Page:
terday, the FDIC issued additional guidance on the payment of severance by "troubled insured depository institutions and covered companies." Under the applicable regulations, an entity is defined as “troubled” if it has a composite rating of four or five, or meets other defined criteria. (Note that the guidance refers to "golden parachute payments" but includes virtually all severance payments within that definition (12 C.F.R. 359.1).)
The bottom line is that the new guidance prohibits a troubled institution from making, or agreeing to make, any severance payments unless the payments fall within one of the three permissible payments that a troubled entity may make – and even then, the institution must receive prior supervisory approval to make the payments. The guidance notes that the FDIC is unlikely to approve severance payments for institutions that are in a "precarious financial position," unless the institution can demonstrate near-term benefits that outweigh the cost of the payments and the payment is otherwise not contrary to the intent of the severance restrictions.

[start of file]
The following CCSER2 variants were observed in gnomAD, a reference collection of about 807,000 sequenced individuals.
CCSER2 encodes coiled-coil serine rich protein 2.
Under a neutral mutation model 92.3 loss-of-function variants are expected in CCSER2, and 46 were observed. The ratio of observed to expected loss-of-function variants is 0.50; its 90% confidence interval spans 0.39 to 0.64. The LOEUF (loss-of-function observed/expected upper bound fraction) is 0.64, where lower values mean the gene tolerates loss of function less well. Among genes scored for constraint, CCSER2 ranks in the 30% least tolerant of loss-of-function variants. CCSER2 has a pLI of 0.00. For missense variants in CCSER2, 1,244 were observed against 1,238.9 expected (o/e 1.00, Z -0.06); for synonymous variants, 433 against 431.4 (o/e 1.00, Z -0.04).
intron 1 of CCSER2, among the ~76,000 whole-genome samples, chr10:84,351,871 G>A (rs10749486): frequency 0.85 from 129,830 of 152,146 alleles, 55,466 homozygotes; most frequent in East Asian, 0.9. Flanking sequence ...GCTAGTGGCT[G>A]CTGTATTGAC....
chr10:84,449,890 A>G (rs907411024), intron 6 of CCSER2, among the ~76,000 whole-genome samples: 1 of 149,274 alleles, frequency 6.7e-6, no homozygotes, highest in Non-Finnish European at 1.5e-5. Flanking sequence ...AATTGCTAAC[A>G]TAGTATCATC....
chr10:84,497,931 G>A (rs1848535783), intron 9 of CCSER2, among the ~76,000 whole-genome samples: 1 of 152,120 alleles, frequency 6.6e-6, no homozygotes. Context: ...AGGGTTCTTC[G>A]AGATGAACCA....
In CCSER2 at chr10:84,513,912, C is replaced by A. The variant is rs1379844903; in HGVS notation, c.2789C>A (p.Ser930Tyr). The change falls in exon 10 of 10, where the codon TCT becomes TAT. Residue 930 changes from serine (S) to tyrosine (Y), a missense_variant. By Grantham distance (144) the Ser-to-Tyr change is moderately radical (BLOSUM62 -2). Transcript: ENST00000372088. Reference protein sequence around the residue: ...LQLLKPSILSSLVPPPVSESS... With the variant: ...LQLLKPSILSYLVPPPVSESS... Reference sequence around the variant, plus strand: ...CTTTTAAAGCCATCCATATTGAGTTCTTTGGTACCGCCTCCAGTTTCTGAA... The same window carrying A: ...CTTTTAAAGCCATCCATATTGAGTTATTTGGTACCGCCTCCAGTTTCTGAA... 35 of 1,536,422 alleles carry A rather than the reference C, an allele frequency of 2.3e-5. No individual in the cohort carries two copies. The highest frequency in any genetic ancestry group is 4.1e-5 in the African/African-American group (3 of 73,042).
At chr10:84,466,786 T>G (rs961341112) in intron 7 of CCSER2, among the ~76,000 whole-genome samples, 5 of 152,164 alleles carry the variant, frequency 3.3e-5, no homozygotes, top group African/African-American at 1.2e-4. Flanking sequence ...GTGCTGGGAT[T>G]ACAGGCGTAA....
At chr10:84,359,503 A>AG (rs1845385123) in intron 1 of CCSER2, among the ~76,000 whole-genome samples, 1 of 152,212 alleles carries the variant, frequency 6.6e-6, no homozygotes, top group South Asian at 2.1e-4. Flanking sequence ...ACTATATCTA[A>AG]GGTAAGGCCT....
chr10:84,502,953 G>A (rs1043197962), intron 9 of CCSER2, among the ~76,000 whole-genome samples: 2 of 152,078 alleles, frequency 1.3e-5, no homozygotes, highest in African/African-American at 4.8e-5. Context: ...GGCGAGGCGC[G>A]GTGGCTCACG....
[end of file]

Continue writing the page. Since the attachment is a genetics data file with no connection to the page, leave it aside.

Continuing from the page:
Finally, the regulations permit a de minimis payment of up to $5,000 per individual without official approval.
For your sake, I hope you are not a troubled institution or in a "precarious financial position," but if you are, things just got tougher for you.